California’s Dungeness crab season is delayed again past the Nov. 15 opening date, owing to high numbers of humpback whales observed off the coast, Charlton Bonham, director of the state Department of Fish and Wildlife, announced Thursday.

 Bonham and state officials will reassess the risks of whale entanglements in crab gear on Nov. 17, with an eye toward a possible Dec. 1 opening. But luck has not been with crab fishermen in recent years, and this is the fifth annual season delay in a row. The fall 2022 opening was delayed three times, finally opening on Dec. 31 but with a 50 percent trap reduction through January.

This time the commercial fishery opening will be delayed in Fishing Zones 3, 4, 5 and 6. Meanwhile deployment and use of crab traps in any recreational fishery is temporarily prohibited in Fishing Zones 3 and 4, with a recreational fleet advisory in all zones, according to a statement issued by Bonham’s office.

“Large aggregations of humpback whales continue to forage between Bodega Bay and Monterey and allowing the use of crab traps would increase the risk of an entanglement in those fishing zones,” said Bonham. “We will continue to work with both the recreational and commercial Dungeness crab fisheries to protect whales while working to maximize fishing opportunity.”

“We appreciate the ongoing commitment by both the recreational and commercial fleets and the California Dungeness Crab Fishing Gear Working Group to manage entanglement risk in this iconic fishery

The decision was expected following the state’s most recent consultations with the working group, and based in part on NOAA observer reports from aerial surveys from Oct. 4 to 6, according to the California DFW.

On those days air NOAA crews “observed 73 humpback whales in Fishing Zone 3 and 30 humpback whales in Fishing Zone 4,” according to Bonham’s statement. Meanwhile, “Cascadia Research surveyors observed a minimum of 35 and maximum of 89 humpback whales in Fishing Zone 3 during vessel surveys conducted on October 5, 10, 13, 14, and 16.”

Under California law, “I must implement a Fishing Zone delay or other protective management action in the commercial Dungeness crab fishery,” Bonham concluded. Data from commercial whale watching trips in Fishing Zone 4 through the summer and fall also showed a continued presence of humpback whales, with the most recent weekly running average of 16.2 humpback whales in Monterey Bay, according to Bonham.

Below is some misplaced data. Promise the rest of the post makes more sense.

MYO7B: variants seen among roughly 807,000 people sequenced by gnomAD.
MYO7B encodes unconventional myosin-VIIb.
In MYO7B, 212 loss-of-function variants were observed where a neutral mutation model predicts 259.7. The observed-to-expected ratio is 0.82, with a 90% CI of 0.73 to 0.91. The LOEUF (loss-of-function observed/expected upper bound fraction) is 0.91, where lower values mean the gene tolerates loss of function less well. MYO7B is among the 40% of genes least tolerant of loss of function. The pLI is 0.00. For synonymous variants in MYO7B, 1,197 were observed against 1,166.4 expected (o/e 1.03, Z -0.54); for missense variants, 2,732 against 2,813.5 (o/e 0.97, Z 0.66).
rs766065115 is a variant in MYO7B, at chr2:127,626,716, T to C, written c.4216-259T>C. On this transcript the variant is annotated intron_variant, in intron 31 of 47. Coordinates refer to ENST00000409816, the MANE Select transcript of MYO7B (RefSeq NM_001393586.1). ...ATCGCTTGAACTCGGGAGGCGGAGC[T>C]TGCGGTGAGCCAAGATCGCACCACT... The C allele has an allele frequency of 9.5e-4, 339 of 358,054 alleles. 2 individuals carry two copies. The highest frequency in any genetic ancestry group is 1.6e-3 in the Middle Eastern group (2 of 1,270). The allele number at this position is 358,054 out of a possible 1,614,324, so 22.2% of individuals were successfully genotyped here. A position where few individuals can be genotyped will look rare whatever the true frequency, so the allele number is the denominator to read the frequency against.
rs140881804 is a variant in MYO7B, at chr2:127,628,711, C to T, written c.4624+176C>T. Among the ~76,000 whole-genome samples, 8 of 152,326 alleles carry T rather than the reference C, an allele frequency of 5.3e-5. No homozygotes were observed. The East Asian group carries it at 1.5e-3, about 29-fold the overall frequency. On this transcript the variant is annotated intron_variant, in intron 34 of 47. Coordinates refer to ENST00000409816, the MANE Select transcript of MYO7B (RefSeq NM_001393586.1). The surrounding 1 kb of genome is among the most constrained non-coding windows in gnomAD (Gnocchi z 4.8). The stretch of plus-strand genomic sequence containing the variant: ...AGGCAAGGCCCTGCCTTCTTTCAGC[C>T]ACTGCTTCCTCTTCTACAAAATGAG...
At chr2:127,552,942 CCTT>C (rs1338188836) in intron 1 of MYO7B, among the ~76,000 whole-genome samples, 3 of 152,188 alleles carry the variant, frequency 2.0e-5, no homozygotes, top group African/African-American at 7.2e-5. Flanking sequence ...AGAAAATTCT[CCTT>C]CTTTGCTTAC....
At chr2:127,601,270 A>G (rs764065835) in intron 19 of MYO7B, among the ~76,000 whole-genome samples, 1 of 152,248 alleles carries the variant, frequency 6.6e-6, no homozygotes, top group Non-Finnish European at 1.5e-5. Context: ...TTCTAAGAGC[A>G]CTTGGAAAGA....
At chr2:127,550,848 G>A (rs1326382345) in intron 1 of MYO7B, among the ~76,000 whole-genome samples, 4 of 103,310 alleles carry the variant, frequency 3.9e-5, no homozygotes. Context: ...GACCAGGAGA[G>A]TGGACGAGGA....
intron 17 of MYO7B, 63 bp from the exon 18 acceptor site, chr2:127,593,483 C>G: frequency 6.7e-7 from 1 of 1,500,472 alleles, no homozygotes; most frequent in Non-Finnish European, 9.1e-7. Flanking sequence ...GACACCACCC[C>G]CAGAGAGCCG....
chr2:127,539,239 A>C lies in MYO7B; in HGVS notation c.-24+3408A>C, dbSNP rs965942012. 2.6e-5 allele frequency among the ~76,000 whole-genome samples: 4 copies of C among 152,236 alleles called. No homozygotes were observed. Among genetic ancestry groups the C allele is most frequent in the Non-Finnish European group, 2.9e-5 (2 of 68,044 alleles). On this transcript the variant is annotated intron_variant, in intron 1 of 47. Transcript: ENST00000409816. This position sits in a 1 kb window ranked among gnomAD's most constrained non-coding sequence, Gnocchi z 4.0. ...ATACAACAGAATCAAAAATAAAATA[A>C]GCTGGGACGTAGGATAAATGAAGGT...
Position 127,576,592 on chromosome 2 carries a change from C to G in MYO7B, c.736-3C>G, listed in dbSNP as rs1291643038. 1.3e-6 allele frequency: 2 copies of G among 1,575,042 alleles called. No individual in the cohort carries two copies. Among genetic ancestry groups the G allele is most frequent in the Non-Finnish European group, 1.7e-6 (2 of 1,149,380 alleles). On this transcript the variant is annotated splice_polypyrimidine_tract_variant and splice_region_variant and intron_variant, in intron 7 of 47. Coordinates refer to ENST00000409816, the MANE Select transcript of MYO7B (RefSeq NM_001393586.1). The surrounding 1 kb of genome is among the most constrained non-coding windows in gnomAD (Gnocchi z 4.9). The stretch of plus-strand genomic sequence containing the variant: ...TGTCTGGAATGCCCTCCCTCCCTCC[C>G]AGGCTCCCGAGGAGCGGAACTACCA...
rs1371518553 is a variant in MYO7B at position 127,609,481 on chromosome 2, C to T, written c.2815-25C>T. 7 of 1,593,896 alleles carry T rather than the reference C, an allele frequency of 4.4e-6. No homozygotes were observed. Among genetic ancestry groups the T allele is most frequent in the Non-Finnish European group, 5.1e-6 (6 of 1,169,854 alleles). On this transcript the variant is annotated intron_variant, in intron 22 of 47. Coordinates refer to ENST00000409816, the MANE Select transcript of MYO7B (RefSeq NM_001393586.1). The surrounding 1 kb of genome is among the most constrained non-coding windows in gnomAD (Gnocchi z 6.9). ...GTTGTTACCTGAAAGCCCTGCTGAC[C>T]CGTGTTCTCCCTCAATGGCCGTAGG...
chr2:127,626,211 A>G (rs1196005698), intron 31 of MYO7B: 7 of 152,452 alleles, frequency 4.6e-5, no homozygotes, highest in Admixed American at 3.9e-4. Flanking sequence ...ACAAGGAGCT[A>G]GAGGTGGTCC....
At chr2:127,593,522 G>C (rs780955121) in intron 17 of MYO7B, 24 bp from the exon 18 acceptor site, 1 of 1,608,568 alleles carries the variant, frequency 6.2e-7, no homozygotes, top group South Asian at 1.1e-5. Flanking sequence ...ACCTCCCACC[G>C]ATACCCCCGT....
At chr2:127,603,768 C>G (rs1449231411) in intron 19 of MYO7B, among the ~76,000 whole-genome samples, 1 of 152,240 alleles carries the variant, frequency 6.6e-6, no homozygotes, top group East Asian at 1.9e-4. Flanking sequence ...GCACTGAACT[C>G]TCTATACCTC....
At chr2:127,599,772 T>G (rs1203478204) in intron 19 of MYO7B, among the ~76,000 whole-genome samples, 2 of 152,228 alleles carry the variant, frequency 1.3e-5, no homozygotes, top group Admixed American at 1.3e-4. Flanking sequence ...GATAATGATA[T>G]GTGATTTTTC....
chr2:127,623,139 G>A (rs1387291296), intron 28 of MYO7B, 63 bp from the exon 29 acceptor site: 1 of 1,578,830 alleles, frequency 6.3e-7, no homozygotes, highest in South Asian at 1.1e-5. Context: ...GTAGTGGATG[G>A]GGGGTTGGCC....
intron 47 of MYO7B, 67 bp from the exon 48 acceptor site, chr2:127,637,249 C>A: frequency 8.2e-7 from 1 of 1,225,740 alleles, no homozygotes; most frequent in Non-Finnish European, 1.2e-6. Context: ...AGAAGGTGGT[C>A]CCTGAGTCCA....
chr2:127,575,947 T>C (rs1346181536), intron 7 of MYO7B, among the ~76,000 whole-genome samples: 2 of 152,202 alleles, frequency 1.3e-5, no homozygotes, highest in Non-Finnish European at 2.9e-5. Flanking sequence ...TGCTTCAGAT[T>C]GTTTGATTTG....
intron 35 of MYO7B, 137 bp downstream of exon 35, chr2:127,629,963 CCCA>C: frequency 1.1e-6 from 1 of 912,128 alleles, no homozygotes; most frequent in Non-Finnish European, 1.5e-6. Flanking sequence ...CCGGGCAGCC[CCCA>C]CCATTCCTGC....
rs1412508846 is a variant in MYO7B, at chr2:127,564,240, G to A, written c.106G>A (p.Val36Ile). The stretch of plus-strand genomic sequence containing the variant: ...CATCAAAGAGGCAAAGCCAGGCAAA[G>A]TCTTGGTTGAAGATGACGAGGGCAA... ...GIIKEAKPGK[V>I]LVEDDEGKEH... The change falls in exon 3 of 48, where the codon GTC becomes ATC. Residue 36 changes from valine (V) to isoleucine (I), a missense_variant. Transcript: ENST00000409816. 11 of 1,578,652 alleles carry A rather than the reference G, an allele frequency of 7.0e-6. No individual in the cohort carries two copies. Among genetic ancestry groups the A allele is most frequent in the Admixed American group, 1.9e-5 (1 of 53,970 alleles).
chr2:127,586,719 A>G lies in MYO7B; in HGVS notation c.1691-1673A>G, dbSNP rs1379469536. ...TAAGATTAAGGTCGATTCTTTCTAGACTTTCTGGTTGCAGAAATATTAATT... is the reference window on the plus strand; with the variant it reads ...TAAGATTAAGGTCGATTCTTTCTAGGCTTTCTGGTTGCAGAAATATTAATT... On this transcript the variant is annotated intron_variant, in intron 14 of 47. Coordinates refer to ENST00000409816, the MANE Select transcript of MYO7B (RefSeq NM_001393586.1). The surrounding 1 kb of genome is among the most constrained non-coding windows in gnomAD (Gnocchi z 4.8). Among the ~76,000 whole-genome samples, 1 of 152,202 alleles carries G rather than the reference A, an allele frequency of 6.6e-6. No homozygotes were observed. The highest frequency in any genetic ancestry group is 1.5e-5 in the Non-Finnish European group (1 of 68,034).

The historic November opening is a big day for crabbers and California culinary tradition that calls for Dungeness on the table at Thanksgiving. It’s been pain for fishermen and consumers alike.

“There are people in a world of hurt and who are trying to make it work, and it’s not easy for them,” fisherman Dick Ogg, president of the Bodega Bay Fisherman’s Marketing Association and a 2019 National Fisherman Highliner, told the Santa Rosa Press-Democrat. “It’s just a tough time. We’re all really struggling.”

Crab fishermen have been working on trial testing of on demand, or so-called pop-up gear that keeps buoys and vertical lines on the bottom until recalled by fishermen for retrieval. The environmental group Oceana made a renewed pitch for the gear Friday.

“The recent whale entanglement numbers have exceeded triggers for management actions and will make it difficult for the state to acquire take authorizations under the Endangered Species Act and the Marine Mammal Protection Act. For this reason, stricter protections to prevent entanglements are needed as California updates its regulations next year,” said Geoff Shester, Oceana’s California campaign director and senior scientist who is a member of the state’s Dungeness working group.

Fishermen tested Sub Sea Sonics pop-up systems in hundreds of trials during spring 2023 under experimental fishing permits, according to Oceana, and “a larger, commercial scale testing is planned for spring 2024 to enable authorization of the gear as alternative gear by 2025.”

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